I’ll be really interested to hear what response you get from your old church about the spiritual abuse issue. I’m not quite sure why we have both reacted in such different ways to this whole discovery. I feel mildly annoyed, but you are furious, and with good reason. I’ll keep reading and thinking it through.

  16. September 10, 2007 at 9:37 am | #16

    Several of you expressed interest in seeing the reply (if any) that I might get from my old church from this, so here it is:

    “Hi Jon,
    Hey – thanks for the read. Really appreciated.
    As you can imagine defining the boundaries of ‘spiritual abuse’ is impossible – very fuzzy edges with other categories no doubt.
    At the end of the day any use of position or privilege or power or whatever that removes the freedom of others, or worse is coercive, is abusive. We might even say that any leadership (thats lower case l as well as capital L) etc that has the effect of pointing people away from grace is abusive.

    So living well today remains a challenge!!!

    Kinds regards,”

    If that’s what you get for 8 years of battling and struggling for nothing, maybe if I poured petrol over myself and lit it I might get a phone call or even an invite out for a coffee.

  17. twolimeleaves
    September 10, 2007 at 2:31 pm | #17

    Disappointing response :( In the end, Jon, some people will just never ‘get it’. They will fail to understand even a TINY bit of your experiences and how they have affected you, they will be mystified by your reaction to your experiences, and they will shake their heads and appease their own ignorance by declaring you a Backslider, destined for Hell.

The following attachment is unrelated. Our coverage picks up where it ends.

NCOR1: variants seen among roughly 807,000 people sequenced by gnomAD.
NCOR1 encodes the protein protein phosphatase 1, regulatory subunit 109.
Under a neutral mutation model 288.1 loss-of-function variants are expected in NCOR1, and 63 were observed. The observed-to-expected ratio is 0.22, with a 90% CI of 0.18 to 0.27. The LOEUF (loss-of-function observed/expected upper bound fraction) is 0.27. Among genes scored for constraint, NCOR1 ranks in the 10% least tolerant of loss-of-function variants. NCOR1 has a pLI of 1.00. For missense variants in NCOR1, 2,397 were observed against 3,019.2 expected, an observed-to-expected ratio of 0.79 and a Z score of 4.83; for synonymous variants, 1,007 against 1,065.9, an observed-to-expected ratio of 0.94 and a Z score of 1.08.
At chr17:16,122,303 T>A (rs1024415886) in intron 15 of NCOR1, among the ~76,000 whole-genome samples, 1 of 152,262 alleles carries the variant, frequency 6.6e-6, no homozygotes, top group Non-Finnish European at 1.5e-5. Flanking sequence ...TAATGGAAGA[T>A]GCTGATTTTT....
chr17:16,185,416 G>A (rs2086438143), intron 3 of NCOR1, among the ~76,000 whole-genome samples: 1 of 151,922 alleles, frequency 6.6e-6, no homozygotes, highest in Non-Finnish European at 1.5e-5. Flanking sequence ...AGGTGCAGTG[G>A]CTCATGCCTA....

But, yet again, maybe their response is even more evidence of the need for your present journey.
    I had a chat to M yesterday. Ordered CWG from Amazon this a.m.

  18. September 10, 2007 at 3:04 pm | #18

    Disappointing, but expected. I asked for it really by bothering to reply to the “spiritual abuse” email in the first place. In this case the minister in question would not react the way (backsliding and hell) you have described (although I know of plenty that might!), but is just a rather intellectual chap who does not have particularly good people skills. I imagine he would be genuinely surprised to learn his reply did not really answer “why” I sent him the email in the first place. Indeed, he just doesn’t get it. Anyway, yes, the fact is I’m better off keeping on going in the direction I’m now going. I’m looking forward to hearing your comments on CWG once you have read through it! It contains a LOT of really expansive thoughts and ideas and models that are waaaaay cool!
    Jon

  19. September 10, 2007 at 7:20 pm | #19

    You were very correct to say “I asked for it really by bothering to reply to the “spiritual abuse” email in the first place.”

    Explaining the deeply personal aspects of your spiritual experience to another is most difficult. There will be some along your journey who will identify with it….BUT, as you have come to realize, it is best to leave sleeping dogs lie and continue to move forward on this new and exciting part of your life.